MICHAEL USHER: Do you feel like you’ve got the old Charlie back?

CHERYL: Yes, a lot happened yesterday and I’m looking forward to even more.


MICHAEL USHER: Fast forward another month – and three injections later – and have a listen to Charlie.


CHARLIE: It’s like a miracle, is what it is. It’s great to be able to talk.

MICHAEL USHER: Dr Tobinick says Charlie’s cognitive skills have improved 30% – an improvement the clinic claims is common for its 100 or so Alzheimer’s patients. But here at home, authorities don’t recognise those amazing results and that’s a tragedy for Australian sufferers.

PAT: He didn’t know his children. Some of his relatives would come to visit him and he’d talk to them and they’d talk to him and then they’d leave and then he’d go to me and say, “They were nice people. Who were they?”

MICHAEL USHER: As Pat Leahy watched her husband Richard rapidly descend into advanced Alzheimer’s, her Melbourne doctors offered no hope. But Pat’s a determined lady and when she heard of Dr Tobinick’s treatment, the couple set out for LA hoping for a miracle.

PAT: Well, you get desperate and I mean, he’d really been a good husband to me. I’ll be right in a minute. This keeps happening all the time.

MICHAEL USHER: Richard became the clinic’s first Australian patient. And after just one injection, the change was overwhelming.

PAT: Instantly I had my husband back.

MICHAEL USHER: It was as quick as that?

PAT: It was a great feeling. I cried my eyes out.

RICHARD: I can’t tell you what, but I feel within myself that I’m a different person.

PAT: He just kept saying, “I feel terrific,” whereas before I don’t think he could even say the word ‘terrific.’

MICHAEL USHER: In those days following, how did you see a change in Richard?

PAT: Well, I got up one night to go to the toilet and when I came out, Richard was standing at the door and I said, “Oh, did you want to go in?” and he started singing to me, “I could have danced all night” – and he took my arms and then we started dancing in the lounge room. This is like, two o’clock in the morning, so it was just wonderful.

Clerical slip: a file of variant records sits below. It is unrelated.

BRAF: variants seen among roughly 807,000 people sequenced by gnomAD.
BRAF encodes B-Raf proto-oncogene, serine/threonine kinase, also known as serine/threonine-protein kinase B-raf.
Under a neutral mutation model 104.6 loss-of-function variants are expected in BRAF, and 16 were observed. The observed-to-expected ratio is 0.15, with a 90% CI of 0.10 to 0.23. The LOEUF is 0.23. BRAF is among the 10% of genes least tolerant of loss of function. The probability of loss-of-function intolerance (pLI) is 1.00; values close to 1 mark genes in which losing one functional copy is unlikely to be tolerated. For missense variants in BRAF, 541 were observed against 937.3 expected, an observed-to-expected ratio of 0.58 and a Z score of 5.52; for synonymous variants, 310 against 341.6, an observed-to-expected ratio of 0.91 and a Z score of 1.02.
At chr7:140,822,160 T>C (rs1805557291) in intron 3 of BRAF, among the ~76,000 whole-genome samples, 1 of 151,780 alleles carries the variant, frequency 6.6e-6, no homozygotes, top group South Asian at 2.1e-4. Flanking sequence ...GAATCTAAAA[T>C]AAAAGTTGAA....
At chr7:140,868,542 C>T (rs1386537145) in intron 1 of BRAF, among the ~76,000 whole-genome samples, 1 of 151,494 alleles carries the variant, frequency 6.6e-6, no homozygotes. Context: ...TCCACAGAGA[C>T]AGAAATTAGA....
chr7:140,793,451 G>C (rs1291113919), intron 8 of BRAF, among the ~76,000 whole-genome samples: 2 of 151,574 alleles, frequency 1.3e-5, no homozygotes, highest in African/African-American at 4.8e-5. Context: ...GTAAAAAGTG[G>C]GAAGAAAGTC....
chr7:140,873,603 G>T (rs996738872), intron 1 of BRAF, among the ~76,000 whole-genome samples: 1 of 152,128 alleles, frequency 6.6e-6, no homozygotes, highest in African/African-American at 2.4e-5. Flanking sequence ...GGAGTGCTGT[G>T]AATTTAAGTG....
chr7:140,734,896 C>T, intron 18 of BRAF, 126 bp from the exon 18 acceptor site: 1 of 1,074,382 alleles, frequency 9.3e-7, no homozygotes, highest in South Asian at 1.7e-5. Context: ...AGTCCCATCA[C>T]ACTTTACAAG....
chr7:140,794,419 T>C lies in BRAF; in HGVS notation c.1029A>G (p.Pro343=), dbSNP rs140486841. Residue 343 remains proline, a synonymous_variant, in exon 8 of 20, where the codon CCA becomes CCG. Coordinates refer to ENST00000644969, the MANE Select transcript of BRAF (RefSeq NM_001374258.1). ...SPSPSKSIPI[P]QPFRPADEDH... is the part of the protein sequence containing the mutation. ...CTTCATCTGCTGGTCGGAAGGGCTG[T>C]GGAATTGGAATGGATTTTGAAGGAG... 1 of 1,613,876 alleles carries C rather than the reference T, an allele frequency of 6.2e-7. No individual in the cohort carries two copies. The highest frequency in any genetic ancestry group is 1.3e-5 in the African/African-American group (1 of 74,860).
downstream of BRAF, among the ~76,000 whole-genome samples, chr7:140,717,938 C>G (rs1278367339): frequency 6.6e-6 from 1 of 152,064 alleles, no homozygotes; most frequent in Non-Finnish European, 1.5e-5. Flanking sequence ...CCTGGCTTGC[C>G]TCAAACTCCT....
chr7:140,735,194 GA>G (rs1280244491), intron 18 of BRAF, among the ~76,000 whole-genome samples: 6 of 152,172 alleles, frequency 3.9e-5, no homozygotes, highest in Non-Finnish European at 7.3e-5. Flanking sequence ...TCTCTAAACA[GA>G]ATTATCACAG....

MICHAEL USHER: But patients must have continuing regular injections and Pat and Richard couldn’t afford to stay in LA. Back home, he went downhill fast and died months later, following hip surgery. If more people could have it, if Australians could start receiving this injection, what difference do you think it would make?

PAT: It would give them back their partner to what it was before it all started. It would give them back what they wanted.

MICHAEL USHER: And there’s hope that will happen. Researchers at Queensland’s Griffith University hope to begin the first Australian trials on perispinal etanercept early next year. But Charlie Giles doesn’t need any more proof. He’s come alive and he and Cheryl are again living every day more husband and wife, than nurse and patient. You might have trouble shutting him up now.

CHERYL: Yep. But I’ll tell you what – I’ve gone a lot of years without saying that. I won’t tell him to shut up.

MICHAEL USHER: You can talk as much as you want, Charlie.

CHERYL: That’s it, you’re on.


CHERYL: I can’t kiss you with a hat on darling. Mine or yours.

Leave a Reply

Your email address will not be published.

You may use these HTML tags and attributes: <a href="" title=""> <abbr title=""> <acronym title=""> <b> <blockquote cite=""> <cite> <code> <del datetime=""> <em> <i> <q cite=""> <s> <strike> <strong>